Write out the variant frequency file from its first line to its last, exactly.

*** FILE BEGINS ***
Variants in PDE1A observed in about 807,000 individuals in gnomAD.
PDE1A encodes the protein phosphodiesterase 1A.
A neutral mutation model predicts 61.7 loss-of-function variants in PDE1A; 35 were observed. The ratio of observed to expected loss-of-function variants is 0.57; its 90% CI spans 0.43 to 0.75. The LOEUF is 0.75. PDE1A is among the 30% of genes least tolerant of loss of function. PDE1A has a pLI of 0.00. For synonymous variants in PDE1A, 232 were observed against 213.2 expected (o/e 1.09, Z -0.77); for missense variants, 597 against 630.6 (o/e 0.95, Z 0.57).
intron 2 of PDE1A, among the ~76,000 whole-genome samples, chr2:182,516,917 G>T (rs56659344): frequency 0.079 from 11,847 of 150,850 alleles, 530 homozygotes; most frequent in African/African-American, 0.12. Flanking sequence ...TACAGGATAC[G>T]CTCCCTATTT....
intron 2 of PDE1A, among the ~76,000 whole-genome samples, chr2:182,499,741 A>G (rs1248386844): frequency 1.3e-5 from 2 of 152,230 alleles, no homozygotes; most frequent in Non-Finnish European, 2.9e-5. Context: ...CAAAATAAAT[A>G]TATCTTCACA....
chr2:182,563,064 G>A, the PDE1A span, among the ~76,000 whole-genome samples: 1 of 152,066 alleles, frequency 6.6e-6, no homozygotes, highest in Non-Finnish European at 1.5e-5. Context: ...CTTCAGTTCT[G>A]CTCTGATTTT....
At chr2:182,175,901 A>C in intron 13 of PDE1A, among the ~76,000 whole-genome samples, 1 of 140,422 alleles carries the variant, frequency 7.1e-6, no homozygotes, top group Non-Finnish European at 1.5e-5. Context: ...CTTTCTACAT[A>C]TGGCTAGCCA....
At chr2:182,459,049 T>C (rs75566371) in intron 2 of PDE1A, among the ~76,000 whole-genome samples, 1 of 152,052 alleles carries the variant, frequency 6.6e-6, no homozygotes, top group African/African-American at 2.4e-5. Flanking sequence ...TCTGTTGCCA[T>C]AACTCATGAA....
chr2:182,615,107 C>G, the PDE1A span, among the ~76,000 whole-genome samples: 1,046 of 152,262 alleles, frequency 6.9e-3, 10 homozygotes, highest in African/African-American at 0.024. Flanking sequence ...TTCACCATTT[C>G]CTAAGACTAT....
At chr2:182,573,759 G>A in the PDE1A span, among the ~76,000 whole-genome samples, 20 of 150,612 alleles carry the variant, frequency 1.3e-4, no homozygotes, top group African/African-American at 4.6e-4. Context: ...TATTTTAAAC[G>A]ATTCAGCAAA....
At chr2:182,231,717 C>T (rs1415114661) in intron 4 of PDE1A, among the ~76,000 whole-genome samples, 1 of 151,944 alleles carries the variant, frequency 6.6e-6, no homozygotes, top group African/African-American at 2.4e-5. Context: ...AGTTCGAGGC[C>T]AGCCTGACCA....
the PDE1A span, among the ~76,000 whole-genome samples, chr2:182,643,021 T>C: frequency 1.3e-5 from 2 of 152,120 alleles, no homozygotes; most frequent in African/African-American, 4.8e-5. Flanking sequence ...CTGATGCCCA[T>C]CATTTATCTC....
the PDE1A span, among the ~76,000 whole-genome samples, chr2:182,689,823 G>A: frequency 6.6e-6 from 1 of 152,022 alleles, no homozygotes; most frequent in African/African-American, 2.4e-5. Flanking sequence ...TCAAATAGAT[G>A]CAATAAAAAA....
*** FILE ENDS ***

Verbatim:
Variants in PDE1A observed in about 807,000 individuals in gnomAD.
PDE1A encodes the protein phosphodiesterase 1A.
A neutral mutation model predicts 61.7 loss-of-function variants in PDE1A; 35 were observed. The ratio of observed to expected loss-of-function variants is 0.57; its 90% CI spans 0.43 to 0.75. The LOEUF is 0.75. PDE1A is among the 30% of genes least tolerant of loss of function. PDE1A has a pLI of 0.00. For synonymous variants in PDE1A, 232 were observed against 213.2 expected (o/e 1.09, Z -0.77); for missense variants, 597 against 630.6 (o/e 0.95, Z 0.57).
intron 2 of PDE1A, among the ~76,000 whole-genome samples, chr2:182,516,917 G>T (rs56659344): frequency 0.079 from 11,847 of 150,850 alleles, 530 homozygotes; most frequent in African/African-American, 0.12. Flanking sequence ...TACAGGATAC[G>T]CTCCCTATTT....
intron 2 of PDE1A, among the ~76,000 whole-genome samples, chr2:182,499,741 A>G (rs1248386844): frequency 1.3e-5 from 2 of 152,230 alleles, no homozygotes; most frequent in Non-Finnish European, 2.9e-5. Context: ...CAAAATAAAT[A>G]TATCTTCACA....
chr2:182,563,064 G>A, the PDE1A span, among the ~76,000 whole-genome samples: 1 of 152,066 alleles, frequency 6.6e-6, no homozygotes, highest in Non-Finnish European at 1.5e-5. Context: ...CTTCAGTTCT[G>A]CTCTGATTTT....
At chr2:182,175,901 A>C in intron 13 of PDE1A, among the ~76,000 whole-genome samples, 1 of 140,422 alleles carries the variant, frequency 7.1e-6, no homozygotes, top group Non-Finnish European at 1.5e-5. Context: ...CTTTCTACAT[A>C]TGGCTAGCCA....
At chr2:182,459,049 T>C (rs75566371) in intron 2 of PDE1A, among the ~76,000 whole-genome samples, 1 of 152,052 alleles carries the variant, frequency 6.6e-6, no homozygotes, top group African/African-American at 2.4e-5. Flanking sequence ...TCTGTTGCCA[T>C]AACTCATGAA....
chr2:182,615,107 C>G, the PDE1A span, among the ~76,000 whole-genome samples: 1,046 of 152,262 alleles, frequency 6.9e-3, 10 homozygotes, highest in African/African-American at 0.024. Flanking sequence ...TTCACCATTT[C>G]CTAAGACTAT....
At chr2:182,573,759 G>A in the PDE1A span, among the ~76,000 whole-genome samples, 20 of 150,612 alleles carry the variant, frequency 1.3e-4, no homozygotes, top group African/African-American at 4.6e-4. Context: ...TATTTTAAAC[G>A]ATTCAGCAAA....
At chr2:182,231,717 C>T (rs1415114661) in intron 4 of PDE1A, among the ~76,000 whole-genome samples, 1 of 151,944 alleles carries the variant, frequency 6.6e-6, no homozygotes, top group African/African-American at 2.4e-5. Context: ...AGTTCGAGGC[C>T]AGCCTGACCA....
the PDE1A span, among the ~76,000 whole-genome samples, chr2:182,643,021 T>C: frequency 1.3e-5 from 2 of 152,120 alleles, no homozygotes; most frequent in African/African-American, 4.8e-5. Flanking sequence ...CTGATGCCCA[T>C]CATTTATCTC....
the PDE1A span, among the ~76,000 whole-genome samples, chr2:182,689,823 G>A: frequency 6.6e-6 from 1 of 152,022 alleles, no homozygotes; most frequent in African/African-American, 2.4e-5. Flanking sequence ...TCAAATAGAT[G>A]CAATAAAAAA....